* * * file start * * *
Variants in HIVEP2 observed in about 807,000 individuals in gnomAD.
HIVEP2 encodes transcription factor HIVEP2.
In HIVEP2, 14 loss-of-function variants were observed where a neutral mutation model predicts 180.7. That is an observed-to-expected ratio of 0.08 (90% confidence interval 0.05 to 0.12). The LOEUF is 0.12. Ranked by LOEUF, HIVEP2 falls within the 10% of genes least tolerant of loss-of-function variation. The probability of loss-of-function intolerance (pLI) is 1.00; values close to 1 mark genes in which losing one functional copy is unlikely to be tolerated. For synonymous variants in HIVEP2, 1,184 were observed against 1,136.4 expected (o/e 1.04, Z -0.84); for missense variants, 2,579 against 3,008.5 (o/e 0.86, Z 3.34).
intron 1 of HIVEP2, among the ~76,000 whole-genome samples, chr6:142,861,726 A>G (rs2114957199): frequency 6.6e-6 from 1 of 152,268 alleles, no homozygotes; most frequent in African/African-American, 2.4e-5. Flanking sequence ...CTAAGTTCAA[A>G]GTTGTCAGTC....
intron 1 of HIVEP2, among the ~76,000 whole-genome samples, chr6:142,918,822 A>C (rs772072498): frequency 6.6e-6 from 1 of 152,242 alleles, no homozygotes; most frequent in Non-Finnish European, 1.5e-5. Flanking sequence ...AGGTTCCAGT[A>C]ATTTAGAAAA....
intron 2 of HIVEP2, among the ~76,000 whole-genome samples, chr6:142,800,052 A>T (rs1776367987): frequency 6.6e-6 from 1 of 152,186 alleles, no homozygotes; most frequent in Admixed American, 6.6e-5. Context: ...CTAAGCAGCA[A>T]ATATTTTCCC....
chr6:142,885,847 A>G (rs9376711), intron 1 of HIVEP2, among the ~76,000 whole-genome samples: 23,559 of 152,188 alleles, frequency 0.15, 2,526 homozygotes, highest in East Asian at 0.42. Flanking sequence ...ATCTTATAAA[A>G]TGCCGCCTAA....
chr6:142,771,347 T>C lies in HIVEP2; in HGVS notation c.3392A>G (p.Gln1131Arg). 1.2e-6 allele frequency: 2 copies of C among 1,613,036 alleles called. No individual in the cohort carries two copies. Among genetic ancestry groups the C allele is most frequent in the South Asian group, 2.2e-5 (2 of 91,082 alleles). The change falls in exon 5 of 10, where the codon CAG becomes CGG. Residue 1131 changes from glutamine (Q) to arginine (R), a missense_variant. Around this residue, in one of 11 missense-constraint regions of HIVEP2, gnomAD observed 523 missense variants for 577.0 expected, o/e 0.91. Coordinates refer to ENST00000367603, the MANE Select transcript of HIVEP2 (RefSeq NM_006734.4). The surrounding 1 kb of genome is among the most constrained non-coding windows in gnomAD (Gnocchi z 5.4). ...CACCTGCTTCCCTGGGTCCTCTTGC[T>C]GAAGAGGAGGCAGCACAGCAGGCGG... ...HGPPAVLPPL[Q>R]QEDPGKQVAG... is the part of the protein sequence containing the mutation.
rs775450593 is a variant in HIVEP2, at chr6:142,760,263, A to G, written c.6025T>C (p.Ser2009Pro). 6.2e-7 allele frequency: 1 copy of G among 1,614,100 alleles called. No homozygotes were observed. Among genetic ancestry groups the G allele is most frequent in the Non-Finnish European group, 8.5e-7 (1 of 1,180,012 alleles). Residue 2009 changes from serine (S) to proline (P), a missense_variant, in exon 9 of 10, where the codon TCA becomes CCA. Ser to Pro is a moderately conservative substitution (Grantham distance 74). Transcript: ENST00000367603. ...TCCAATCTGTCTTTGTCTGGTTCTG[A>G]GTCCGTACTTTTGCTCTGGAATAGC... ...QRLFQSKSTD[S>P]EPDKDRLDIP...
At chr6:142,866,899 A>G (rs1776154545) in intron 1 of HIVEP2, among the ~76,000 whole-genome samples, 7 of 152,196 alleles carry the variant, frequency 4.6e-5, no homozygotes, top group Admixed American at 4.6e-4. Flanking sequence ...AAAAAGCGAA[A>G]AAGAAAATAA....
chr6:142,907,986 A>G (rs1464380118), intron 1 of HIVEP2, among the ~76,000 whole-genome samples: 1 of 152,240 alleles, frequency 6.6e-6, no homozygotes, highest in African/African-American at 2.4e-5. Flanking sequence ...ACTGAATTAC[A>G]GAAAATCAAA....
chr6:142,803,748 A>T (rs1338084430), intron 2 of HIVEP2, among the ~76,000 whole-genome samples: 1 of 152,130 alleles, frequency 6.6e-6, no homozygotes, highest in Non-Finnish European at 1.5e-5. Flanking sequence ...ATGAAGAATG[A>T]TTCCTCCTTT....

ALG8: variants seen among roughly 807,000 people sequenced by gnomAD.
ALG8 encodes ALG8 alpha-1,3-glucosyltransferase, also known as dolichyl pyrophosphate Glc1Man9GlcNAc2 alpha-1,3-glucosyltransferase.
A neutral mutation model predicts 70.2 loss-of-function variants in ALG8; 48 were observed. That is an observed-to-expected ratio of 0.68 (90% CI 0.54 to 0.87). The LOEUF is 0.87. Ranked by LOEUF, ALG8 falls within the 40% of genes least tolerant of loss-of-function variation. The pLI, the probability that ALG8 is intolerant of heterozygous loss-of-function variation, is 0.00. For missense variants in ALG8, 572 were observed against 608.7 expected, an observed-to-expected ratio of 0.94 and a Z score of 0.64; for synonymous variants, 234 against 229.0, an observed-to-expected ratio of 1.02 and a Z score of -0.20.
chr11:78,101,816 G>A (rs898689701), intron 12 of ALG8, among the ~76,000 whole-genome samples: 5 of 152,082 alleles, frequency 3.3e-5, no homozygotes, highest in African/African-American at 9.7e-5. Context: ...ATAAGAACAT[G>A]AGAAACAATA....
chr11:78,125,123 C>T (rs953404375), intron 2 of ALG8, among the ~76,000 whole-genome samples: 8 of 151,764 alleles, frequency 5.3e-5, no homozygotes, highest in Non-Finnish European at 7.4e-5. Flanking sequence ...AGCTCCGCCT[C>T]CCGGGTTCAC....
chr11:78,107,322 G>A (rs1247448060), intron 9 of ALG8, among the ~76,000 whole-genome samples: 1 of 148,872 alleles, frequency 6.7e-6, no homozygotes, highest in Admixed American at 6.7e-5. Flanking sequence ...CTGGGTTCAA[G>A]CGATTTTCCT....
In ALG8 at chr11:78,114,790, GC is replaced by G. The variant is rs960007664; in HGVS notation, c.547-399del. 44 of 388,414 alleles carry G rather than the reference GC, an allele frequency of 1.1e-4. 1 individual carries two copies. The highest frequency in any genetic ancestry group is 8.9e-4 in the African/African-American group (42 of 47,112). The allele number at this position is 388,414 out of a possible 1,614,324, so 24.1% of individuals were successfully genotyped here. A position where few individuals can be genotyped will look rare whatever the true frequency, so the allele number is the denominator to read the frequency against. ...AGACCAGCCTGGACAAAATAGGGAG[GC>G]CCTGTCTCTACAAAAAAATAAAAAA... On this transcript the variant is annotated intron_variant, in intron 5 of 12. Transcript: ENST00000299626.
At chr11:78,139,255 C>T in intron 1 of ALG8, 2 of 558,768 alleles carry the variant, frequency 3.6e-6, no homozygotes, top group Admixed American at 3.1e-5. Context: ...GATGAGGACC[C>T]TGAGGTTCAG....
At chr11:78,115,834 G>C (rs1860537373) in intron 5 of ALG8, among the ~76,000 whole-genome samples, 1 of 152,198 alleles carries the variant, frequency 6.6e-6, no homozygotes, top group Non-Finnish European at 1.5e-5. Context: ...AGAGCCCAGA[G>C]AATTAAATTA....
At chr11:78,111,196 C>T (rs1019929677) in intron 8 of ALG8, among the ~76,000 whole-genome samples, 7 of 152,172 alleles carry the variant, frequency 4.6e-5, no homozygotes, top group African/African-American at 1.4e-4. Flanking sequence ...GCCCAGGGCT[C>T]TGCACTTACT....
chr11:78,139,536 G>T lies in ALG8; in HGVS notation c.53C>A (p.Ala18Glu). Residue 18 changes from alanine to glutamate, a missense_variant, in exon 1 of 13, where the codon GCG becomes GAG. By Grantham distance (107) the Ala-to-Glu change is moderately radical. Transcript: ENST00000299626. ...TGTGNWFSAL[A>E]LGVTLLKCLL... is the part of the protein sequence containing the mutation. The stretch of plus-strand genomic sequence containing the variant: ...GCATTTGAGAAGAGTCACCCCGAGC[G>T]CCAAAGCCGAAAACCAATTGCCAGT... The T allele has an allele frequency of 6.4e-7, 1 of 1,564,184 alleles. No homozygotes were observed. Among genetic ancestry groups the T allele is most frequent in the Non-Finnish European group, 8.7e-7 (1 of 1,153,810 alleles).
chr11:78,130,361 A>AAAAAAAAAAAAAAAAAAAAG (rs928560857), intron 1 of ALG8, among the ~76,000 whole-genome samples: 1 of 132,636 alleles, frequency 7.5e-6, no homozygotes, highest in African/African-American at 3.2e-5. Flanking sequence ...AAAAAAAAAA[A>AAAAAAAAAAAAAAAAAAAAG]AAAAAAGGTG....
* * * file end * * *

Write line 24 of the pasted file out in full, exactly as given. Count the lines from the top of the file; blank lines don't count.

chr11:78,130,361 A>AAAAAAAAAAAAAAAAAAAAG (rs928560857), intron 1 of ALG8, among the ~76,000 whole-genome samples: 1 of 132,636 alleles, frequency 7.5e-6, no homozygotes, highest in African/African-American at 3.2e-5. Flanking sequence ...AAAAAAAAAA[A>AAAAAAAAAAAAAAAAAAAAG]AAAAAAGGTG....